November is here and many of us are already starting to think about the holidays - will there be travel involved this Thanksgiving? How many do we need to cook for? How will we afford it this year? Will we even be home to celebrate?
There are so many questions we might be asking ourselves already depending on our circumstances. So I’d like to share a little bit about the art and science of gratitude, since that’s what the first Thanksgiving was all about!
Why art and science?
Some may say that gratitude is more of a mindfulness tactic or a religious affair and it really has nothing to do with science. And some on the other end of the spectrum have argued that it must be science because the act of gratitude can be traced through the brain and its effects seen throughout the body. Well, I’m no scientist and hold tightly to my Christian faith, so in my humble opinion I think we can have the best of both worlds however you choose to look at it and all sit at the table together this Thanksgiving (and beyond)!
Gratitude - the Art
Gratefulness or gratitude is something done within relationships. We can be grateful for an act of kindness someone did for us and that thankful feeling is directed towards the kind person. Oftentimes this is reciprocated with an act with the feeling like saying, “Thank you!”, writing a note, making a social media post, giving a hug, however that feeling moves you to express your gratitude toward the other person. Depending on your gauge of spirituality, this can also easily transfer over to God or your higher power. Sometimes people are overwhelmed with a sense of gratitude for a beautiful day or a closer parking spot or a feeling of comfort given in the midst of trial. However this looks, we’re going to try to find ways to take the art to a level that also affects our physical well-being!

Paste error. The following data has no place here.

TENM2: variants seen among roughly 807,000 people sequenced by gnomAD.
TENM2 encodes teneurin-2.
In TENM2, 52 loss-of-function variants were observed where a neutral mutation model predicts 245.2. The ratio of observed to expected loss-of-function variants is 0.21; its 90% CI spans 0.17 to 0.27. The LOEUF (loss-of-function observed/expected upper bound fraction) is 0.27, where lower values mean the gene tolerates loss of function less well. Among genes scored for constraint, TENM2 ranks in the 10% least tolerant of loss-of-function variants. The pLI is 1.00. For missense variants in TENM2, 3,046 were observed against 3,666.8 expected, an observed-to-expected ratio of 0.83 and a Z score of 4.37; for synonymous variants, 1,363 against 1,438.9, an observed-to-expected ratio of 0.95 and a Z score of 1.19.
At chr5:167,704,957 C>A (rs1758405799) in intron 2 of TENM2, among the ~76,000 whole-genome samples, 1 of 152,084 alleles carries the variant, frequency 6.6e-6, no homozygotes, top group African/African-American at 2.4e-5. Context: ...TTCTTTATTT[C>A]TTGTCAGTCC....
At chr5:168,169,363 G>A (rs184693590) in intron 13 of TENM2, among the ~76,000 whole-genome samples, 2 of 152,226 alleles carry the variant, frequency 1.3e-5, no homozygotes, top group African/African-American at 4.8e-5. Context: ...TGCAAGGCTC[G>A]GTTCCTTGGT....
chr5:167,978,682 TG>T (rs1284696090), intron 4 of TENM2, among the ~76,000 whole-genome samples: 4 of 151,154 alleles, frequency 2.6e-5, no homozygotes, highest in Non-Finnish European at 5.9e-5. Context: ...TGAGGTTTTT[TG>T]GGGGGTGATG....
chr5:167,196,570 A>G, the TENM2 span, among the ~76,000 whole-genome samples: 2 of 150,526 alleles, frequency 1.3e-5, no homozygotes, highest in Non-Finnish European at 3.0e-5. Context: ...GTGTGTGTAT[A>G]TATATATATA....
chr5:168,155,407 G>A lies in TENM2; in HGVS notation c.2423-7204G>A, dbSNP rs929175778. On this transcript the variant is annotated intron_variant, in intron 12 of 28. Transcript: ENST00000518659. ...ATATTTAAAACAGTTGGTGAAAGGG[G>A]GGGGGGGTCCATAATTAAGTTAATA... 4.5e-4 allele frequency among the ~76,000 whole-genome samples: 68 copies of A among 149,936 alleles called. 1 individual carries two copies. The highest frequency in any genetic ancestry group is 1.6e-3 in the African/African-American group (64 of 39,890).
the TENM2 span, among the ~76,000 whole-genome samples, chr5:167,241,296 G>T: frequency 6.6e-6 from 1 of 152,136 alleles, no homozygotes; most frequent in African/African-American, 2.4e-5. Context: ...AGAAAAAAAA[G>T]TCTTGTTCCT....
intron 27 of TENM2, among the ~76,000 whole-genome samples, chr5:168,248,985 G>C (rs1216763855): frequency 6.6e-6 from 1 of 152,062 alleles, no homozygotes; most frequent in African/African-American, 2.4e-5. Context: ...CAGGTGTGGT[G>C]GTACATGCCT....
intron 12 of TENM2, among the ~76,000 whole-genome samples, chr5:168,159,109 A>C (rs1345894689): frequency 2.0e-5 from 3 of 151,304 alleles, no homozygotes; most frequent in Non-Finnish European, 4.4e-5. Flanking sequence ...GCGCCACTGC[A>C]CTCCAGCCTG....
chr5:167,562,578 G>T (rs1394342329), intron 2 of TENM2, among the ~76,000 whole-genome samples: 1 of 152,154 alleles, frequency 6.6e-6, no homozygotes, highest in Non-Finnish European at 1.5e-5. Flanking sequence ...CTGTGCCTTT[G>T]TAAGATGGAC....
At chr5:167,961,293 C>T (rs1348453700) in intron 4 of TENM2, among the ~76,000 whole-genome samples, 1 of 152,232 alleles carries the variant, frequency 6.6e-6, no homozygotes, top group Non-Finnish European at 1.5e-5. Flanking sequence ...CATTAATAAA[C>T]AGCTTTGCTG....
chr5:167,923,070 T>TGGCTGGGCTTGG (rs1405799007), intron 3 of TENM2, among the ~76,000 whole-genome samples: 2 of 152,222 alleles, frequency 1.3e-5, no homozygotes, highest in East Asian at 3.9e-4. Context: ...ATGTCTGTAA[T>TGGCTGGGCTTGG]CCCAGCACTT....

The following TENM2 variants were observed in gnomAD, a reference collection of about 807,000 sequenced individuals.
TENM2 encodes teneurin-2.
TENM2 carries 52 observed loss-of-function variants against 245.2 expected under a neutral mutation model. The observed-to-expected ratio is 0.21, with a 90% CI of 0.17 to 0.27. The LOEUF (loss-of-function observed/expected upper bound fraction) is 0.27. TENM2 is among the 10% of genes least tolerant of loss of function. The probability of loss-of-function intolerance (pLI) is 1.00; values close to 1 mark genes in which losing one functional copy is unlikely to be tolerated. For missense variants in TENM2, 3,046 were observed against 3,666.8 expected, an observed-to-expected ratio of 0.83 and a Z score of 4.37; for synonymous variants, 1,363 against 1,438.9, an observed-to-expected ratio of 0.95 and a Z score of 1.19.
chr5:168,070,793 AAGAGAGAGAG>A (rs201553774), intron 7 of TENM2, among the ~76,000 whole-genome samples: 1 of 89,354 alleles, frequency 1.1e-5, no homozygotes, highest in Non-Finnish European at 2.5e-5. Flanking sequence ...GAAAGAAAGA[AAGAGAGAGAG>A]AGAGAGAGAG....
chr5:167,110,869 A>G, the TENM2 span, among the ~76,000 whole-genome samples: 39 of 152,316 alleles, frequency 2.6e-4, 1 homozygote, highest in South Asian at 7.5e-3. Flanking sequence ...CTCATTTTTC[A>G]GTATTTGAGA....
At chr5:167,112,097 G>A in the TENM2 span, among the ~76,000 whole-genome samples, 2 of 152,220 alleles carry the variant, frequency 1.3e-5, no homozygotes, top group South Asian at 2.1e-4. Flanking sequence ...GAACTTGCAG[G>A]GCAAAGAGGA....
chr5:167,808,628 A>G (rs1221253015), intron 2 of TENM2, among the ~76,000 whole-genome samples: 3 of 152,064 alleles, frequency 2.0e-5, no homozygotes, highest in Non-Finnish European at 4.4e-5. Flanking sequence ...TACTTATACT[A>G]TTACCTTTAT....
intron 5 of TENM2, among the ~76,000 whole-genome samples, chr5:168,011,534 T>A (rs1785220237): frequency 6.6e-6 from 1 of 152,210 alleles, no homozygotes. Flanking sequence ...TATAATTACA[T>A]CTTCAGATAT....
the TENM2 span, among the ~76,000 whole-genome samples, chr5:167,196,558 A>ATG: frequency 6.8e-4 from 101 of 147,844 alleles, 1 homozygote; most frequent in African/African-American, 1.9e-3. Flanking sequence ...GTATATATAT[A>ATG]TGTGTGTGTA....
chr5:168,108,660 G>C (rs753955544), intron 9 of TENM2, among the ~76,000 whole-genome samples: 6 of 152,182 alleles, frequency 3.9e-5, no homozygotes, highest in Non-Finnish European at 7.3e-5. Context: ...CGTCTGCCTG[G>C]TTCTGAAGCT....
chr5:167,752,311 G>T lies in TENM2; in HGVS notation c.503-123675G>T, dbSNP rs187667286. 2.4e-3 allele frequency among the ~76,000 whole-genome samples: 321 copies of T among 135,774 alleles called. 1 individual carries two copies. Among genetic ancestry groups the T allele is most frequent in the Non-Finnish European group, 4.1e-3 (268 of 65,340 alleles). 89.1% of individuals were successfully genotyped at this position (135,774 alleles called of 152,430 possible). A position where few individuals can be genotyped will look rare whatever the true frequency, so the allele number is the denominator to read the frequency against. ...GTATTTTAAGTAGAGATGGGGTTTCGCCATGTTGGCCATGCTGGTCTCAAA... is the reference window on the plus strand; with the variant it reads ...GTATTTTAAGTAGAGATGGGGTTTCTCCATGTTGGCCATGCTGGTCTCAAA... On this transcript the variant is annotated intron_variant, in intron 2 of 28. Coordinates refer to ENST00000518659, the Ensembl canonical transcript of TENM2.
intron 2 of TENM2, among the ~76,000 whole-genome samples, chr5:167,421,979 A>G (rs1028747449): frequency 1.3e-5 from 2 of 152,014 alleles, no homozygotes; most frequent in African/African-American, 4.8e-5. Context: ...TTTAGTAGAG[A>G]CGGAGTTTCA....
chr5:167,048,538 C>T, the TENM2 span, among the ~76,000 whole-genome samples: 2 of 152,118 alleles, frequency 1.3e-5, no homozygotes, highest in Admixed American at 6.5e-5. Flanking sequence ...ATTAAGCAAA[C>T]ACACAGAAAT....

Gratitude - the Science
Here’s something for a little self-reflection:
“People generally do not make efforts to actively infuse their daily experiences with greater emotional quality….Although most people definitively claim that they love, care, appreciate, it might shock many to realize the large degree to which they are actually experienced in their feeling world. In the absence of conscious efforts to engage, build, and sustain positive perceptions and emotions, we all too automatically fall prey to feelings such as irritation, anxiety, worry, frustration, self-doubt and blame.” (Rollin McCraty, “The Grateful Heart,” The Psychology of Gratitude, 2004)
Science has proven that people who tend to be grateful experience fewer aches and pains, improves sleep, reduces stress, and in general causes a “healthier” life. Mental health is stronger with greater ability to overcome traumas. There are more opportunities for friendships and overall better self esteem - doesn’t this sound pretty awesome? (For a quick taste of what this could look like and the studies, check out this link.) I’m feeling grateful just thinking about all of the benefits that come from being grateful!
When things are difficult, it can be hard to find those things to be grateful for - those people to be grateful to. So what can we do to help relieve some of the holiday stress and tap into these benefits? Here are a few easy steps to add to your daily life:
Write something about yourself. No need to be fancy, just an overview.